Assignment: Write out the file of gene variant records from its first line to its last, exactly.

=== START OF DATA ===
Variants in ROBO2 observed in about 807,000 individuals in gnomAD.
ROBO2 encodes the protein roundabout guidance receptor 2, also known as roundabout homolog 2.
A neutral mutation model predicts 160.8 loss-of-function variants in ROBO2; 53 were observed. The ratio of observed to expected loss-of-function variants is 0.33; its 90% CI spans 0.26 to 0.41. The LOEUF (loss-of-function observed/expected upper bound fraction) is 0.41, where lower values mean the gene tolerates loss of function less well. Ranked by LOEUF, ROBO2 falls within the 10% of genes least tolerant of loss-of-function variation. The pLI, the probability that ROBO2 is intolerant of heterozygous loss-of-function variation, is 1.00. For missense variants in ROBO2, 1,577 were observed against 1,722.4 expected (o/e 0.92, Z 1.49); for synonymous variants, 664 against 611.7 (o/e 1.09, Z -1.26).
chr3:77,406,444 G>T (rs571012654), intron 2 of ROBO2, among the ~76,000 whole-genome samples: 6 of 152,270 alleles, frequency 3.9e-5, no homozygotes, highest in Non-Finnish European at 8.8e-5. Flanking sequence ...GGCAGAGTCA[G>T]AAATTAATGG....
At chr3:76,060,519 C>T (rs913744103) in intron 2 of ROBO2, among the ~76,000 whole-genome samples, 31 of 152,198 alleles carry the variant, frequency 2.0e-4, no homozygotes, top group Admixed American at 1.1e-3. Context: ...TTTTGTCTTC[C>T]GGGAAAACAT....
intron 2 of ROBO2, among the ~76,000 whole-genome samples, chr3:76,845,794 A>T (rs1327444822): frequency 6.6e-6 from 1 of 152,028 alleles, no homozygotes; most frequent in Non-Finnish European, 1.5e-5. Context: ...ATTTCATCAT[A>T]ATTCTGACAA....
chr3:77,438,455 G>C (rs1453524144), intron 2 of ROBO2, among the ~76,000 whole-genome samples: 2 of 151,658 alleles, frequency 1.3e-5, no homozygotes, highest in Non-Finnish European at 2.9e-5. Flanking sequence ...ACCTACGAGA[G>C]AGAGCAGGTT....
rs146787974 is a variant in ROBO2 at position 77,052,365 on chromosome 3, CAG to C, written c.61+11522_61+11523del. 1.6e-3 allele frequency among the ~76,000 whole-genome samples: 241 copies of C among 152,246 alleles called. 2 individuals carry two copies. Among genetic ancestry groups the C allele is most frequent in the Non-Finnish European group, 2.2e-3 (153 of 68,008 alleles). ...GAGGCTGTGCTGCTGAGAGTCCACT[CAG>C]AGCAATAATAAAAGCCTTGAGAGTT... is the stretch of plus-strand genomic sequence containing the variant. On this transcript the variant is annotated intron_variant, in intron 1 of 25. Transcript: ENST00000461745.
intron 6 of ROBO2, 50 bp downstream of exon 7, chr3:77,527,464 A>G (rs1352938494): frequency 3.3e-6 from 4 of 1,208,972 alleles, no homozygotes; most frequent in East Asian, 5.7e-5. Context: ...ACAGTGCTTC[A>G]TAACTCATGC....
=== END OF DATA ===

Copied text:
Variants in ROBO2 observed in about 807,000 individuals in gnomAD.
ROBO2 encodes the protein roundabout guidance receptor 2, also known as roundabout homolog 2.
A neutral mutation model predicts 160.8 loss-of-function variants in ROBO2; 53 were observed. The ratio of observed to expected loss-of-function variants is 0.33; its 90% CI spans 0.26 to 0.41. The LOEUF (loss-of-function observed/expected upper bound fraction) is 0.41, where lower values mean the gene tolerates loss of function less well. Ranked by LOEUF, ROBO2 falls within the 10% of genes least tolerant of loss-of-function variation. The pLI, the probability that ROBO2 is intolerant of heterozygous loss-of-function variation, is 1.00. For missense variants in ROBO2, 1,577 were observed against 1,722.4 expected (o/e 0.92, Z 1.49); for synonymous variants, 664 against 611.7 (o/e 1.09, Z -1.26).
chr3:77,406,444 G>T (rs571012654), intron 2 of ROBO2, among the ~76,000 whole-genome samples: 6 of 152,270 alleles, frequency 3.9e-5, no homozygotes, highest in Non-Finnish European at 8.8e-5. Flanking sequence ...GGCAGAGTCA[G>T]AAATTAATGG....
At chr3:76,060,519 C>T (rs913744103) in intron 2 of ROBO2, among the ~76,000 whole-genome samples, 31 of 152,198 alleles carry the variant, frequency 2.0e-4, no homozygotes, top group Admixed American at 1.1e-3. Context: ...TTTTGTCTTC[C>T]GGGAAAACAT....
intron 2 of ROBO2, among the ~76,000 whole-genome samples, chr3:76,845,794 A>T (rs1327444822): frequency 6.6e-6 from 1 of 152,028 alleles, no homozygotes; most frequent in Non-Finnish European, 1.5e-5. Context: ...ATTTCATCAT[A>T]ATTCTGACAA....
chr3:77,438,455 G>C (rs1453524144), intron 2 of ROBO2, among the ~76,000 whole-genome samples: 2 of 151,658 alleles, frequency 1.3e-5, no homozygotes, highest in Non-Finnish European at 2.9e-5. Flanking sequence ...ACCTACGAGA[G>C]AGAGCAGGTT....
rs146787974 is a variant in ROBO2 at position 77,052,365 on chromosome 3, CAG to C, written c.61+11522_61+11523del. 1.6e-3 allele frequency among the ~76,000 whole-genome samples: 241 copies of C among 152,246 alleles called. 2 individuals carry two copies. Among genetic ancestry groups the C allele is most frequent in the Non-Finnish European group, 2.2e-3 (153 of 68,008 alleles). ...GAGGCTGTGCTGCTGAGAGTCCACT[CAG>C]AGCAATAATAAAAGCCTTGAGAGTT... is the stretch of plus-strand genomic sequence containing the variant. On this transcript the variant is annotated intron_variant, in intron 1 of 25. Transcript: ENST00000461745.
intron 6 of ROBO2, 50 bp downstream of exon 7, chr3:77,527,464 A>G (rs1352938494): frequency 3.3e-6 from 4 of 1,208,972 alleles, no homozygotes; most frequent in East Asian, 5.7e-5. Context: ...ACAGTGCTTC[A>G]TAACTCATGC....